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GE Building Michigan R&D Center

General Electric recently announced plans to build a new R&D Center in Michigan, near Detroit.  While portions o the Center will house Software Engineers, much of it will relate to advanced composites for renewable energy, aircraft engine, gas turbine and other high-technology products.  The further development of composites, machining, inspection, casting and coating technologies will be pursued to benefit GE’s Aviation and Energy businesses. This move generally marks a change in direction for GE’s growth in the United States.  Prior to this announcement, most of their new operations were opening in Asia and India.  There is a potential for a large number of new jobs should this plan reach fruition.  Heavy tax incentives and a large number of unemployed engineers have helped make this plan make sense. The locating of such a large composites R&D center near the automotive heart of America shows how important composites are to the future of American automobiles.  Traveling by cars, planes, and trains consume mass amounts of energy, which is only going to become more expensive.  Reducing the amount of energy consumption will improve the cost effectiveness of new materials and technologies. GE is aligned very closely with the Federal Government, who now owns two car companies that also happen to be in Detroit.  I would expect to see a lot of collaboration amongst all of these parties as time goes...

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Effects of Clear Gelcoat

One of the really cool effects that fiberglass parts can use clear gelcoat.  The basic process starts with a properly prepared mold that is waxed and ready for production.  The part build begins with a layer of clear gelcoat.  Several manufacturers have this product available, and it is sprayed on the same as pigmented gelcoat. Once the clear gelcoat is tacky, the visible effect is placed down.  This can be a wide range of materials and patterns, depending upon the desired outcome.  I have a table that has ground granite rock specks. These granite specks are placed down uniformly and consistently to give an acceptable finish.  Then some opaque gelcoat is used to finish off the look and help bind it together.  After this is cured, the fiberglass buildup is added to the desired strength and structure to give the desired finished part. This clearcoat can be sanded and buffed much the same way as the opaque gelcoat, though sanding though to the underlying effects would be disastrous. One of the drawbacks to this style of part comes when an unknown mistake occurs with the detail layer.  If contamination or uneven materials have visual problems, the whole part is built before the part is removed from the mold to find these problems.  The shape and structure are complete, but surface defects that cannot be repaired relegate these parts to...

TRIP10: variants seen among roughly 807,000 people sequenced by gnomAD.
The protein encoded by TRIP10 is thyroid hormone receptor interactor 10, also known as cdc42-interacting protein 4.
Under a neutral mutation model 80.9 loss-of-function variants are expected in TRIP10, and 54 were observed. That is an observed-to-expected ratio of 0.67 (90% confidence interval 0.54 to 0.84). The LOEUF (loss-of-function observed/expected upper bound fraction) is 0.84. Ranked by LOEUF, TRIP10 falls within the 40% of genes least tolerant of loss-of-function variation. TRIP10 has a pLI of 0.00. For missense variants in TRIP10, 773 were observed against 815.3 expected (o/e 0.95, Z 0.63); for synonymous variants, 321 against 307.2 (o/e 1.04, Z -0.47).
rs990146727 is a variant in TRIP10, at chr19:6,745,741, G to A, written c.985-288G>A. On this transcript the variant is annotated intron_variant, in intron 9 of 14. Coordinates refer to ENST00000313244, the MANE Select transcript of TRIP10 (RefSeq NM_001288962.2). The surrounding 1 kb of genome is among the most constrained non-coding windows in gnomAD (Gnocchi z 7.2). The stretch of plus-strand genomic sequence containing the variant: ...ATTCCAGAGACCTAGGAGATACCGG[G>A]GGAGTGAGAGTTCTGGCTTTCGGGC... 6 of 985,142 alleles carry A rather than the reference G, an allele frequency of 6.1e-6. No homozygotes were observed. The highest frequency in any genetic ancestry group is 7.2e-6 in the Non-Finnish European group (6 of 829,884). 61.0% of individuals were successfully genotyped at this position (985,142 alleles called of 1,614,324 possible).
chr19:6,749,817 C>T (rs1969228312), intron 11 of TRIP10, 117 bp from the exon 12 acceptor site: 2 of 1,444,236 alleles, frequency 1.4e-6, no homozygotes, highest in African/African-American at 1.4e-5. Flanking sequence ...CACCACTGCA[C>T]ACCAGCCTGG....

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Stopping a Crack

Composites can be very impact-resistant compared to other materials.  Based upon their makeup, different composites materials will offer different degrees of resistance to impact.  Once the threshold to impact resistance is passed, cracking will occur.  Localized impact can form a crack in the weakened material, and vibration and additional loading can keep the cracks spreading.  There is a relatively simple solution to stopping this. I am currently working on repairing an SMC composite truck hood, which has various forms of damage including cracks.  I want to repair the cracks, but also must keep them from spreading.  So the solution is … Drill a Hole! A hole that is drilled at the end of a crack in the material will stop it from spreading.  There is no place for it to restart.  It cannot travel any farther because there is not any high-stress area that is weaker than the surrounding surface. In my example, I am working on a complete repair, not just stopping the crack from spreading.  I drilled the hole, reinforced the back side, and sanded the surface to accept filler.  The filler will fill this low spot over the crack as well as the hole that was drilled.  It can be filled right back in but will still retain its crack resistance! Another way for cracks to start is from high-stress areas such as square corners.  When...

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